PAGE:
I work with parents at Office Job, and over the course of the past year they’ve really been misbehaving. As a direct result, their PTA has been disbanded by order of the school, which will effectively eliminate all the problems and ensure that the parents who really want to focus their efforts on the school and their students will have every chance to do so without all the selfish politicking and unproductive complaints.
You’d think this would chill out Hollywood Coworker, who dealt with a big chunk of the drama. You’d think she’d be happy and relaxed now that our office can focus our efforts on helping parents feel connected to the university and all the other work we have to do (because dealing with the PTA isn’t even 10% of what we do, much to the surprise of the majority of the PTA). You’d think she’d be just fucking jazzed about this change, and excited about taking the reins of an organization that has gone badly off-track.
She approaches my desk at least once a week since the disbanding and says something like, “I just have this really bad feeling that there is plotting going on behind the scenes, in the shadows, y’know?” “I don’t think we’ve seen the last of the problem people.” “I just know the drama isn’t over.”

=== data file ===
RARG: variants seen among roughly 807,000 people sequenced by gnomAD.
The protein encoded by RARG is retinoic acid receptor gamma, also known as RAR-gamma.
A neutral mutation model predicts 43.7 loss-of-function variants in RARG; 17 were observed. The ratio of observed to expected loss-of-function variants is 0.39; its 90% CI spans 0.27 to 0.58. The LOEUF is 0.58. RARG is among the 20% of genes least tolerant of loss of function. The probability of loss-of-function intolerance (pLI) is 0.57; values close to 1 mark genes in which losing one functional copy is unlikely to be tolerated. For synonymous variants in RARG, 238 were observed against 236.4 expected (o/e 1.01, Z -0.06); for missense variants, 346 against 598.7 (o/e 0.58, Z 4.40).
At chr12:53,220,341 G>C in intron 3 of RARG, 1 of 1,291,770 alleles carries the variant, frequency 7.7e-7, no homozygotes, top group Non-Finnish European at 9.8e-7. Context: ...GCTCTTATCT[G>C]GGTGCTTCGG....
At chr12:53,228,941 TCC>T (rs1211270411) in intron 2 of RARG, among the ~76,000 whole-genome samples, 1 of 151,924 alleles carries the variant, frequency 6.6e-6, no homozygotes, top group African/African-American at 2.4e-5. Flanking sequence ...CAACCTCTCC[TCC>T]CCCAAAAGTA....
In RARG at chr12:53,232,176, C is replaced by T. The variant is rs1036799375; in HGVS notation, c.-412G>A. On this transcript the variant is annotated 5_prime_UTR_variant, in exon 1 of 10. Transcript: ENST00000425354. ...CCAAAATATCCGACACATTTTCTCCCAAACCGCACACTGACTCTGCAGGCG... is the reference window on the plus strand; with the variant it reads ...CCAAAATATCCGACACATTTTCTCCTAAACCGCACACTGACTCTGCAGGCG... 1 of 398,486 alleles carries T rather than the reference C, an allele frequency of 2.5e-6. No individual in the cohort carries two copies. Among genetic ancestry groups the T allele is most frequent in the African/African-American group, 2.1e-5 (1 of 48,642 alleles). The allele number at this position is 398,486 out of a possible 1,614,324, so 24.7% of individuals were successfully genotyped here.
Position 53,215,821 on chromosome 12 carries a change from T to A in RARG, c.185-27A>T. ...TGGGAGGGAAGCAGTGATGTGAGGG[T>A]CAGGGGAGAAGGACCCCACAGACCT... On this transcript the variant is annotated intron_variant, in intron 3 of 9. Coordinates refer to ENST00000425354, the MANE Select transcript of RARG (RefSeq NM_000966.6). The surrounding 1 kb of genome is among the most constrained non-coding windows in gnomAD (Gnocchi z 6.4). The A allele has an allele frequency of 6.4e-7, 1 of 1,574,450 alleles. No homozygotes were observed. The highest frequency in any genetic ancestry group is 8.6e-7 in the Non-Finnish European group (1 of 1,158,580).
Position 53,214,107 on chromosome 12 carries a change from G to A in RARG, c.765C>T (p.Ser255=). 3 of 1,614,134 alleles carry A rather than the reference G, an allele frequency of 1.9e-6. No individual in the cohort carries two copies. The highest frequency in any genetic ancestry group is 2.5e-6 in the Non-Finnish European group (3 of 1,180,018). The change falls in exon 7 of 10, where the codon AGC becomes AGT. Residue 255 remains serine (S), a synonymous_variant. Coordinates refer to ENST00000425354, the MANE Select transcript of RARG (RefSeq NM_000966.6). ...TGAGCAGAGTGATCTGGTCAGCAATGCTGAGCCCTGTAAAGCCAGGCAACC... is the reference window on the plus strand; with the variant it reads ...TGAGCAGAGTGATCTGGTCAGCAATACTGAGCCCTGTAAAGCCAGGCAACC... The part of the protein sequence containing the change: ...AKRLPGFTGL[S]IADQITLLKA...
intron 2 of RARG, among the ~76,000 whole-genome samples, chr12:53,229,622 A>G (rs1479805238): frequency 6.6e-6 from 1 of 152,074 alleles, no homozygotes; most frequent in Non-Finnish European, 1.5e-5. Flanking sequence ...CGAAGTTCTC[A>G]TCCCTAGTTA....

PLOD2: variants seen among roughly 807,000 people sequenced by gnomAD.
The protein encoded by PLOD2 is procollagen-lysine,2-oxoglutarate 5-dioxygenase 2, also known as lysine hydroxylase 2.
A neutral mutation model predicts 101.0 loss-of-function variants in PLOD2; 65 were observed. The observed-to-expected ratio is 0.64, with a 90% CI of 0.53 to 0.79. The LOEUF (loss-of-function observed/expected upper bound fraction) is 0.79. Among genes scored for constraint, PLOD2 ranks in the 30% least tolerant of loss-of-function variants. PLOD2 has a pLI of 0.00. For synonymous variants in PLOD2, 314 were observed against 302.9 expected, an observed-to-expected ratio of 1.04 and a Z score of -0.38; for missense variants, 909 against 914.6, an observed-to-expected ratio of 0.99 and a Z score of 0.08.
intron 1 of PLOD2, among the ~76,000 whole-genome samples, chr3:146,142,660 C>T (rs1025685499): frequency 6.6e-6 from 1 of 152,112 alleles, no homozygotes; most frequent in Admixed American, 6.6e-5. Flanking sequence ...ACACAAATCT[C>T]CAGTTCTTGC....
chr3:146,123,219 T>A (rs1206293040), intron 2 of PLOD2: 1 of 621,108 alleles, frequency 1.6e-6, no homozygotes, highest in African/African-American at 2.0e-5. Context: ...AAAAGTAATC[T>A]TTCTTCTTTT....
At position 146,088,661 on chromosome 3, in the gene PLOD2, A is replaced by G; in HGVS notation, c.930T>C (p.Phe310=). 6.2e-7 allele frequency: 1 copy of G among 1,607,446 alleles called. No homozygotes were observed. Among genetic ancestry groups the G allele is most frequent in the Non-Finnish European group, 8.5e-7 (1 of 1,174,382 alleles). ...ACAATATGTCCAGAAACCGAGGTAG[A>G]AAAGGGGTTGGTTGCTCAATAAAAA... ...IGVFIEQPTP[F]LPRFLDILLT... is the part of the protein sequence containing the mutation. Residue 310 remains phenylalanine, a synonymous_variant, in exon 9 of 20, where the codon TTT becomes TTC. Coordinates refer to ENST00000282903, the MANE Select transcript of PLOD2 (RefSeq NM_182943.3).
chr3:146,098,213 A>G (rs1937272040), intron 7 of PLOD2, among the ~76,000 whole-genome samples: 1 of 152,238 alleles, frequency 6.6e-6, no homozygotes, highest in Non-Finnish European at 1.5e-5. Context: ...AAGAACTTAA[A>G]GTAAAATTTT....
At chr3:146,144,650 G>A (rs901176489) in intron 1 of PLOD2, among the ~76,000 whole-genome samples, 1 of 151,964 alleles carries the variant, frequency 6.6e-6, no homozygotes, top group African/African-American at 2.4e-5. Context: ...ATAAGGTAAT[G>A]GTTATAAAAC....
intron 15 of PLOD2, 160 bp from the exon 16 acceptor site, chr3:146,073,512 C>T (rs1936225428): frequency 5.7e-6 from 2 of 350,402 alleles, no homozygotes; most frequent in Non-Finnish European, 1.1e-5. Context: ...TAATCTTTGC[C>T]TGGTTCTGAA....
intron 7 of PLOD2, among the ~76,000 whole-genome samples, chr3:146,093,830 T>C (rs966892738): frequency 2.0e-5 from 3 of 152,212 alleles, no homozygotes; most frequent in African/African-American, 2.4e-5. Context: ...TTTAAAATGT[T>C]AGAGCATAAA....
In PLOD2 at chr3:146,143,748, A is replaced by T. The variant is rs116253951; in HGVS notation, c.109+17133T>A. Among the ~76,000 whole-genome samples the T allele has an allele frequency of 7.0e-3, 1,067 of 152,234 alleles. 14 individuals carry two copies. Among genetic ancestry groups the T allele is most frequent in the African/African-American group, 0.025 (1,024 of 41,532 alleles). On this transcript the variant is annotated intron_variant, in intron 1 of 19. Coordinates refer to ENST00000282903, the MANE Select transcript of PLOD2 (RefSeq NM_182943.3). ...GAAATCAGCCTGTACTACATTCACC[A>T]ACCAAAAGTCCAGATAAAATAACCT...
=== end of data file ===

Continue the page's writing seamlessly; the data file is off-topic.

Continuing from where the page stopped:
And I just look at her like:
Because come on. Seriously? At this point she’s stressing about imaginary problems. How am I supposed to commiserate? I’m feeling really positive and optimistic about this coming year, and she’s dragging all this fucking baggage around from last year like, “Oh no, what will we do with all this fucking baggage?” How about letting it go instead of proudly displaying it like a white-collar battle scar under the guise of preparing for the next impending (read: non-existent) disaster? Cus… that might work. So… maybe do that.
I realize she wants to feel useful and important, and dealing with drama can be addictive for some people, but it’s not healthy, and more importantly, IT’S OVER.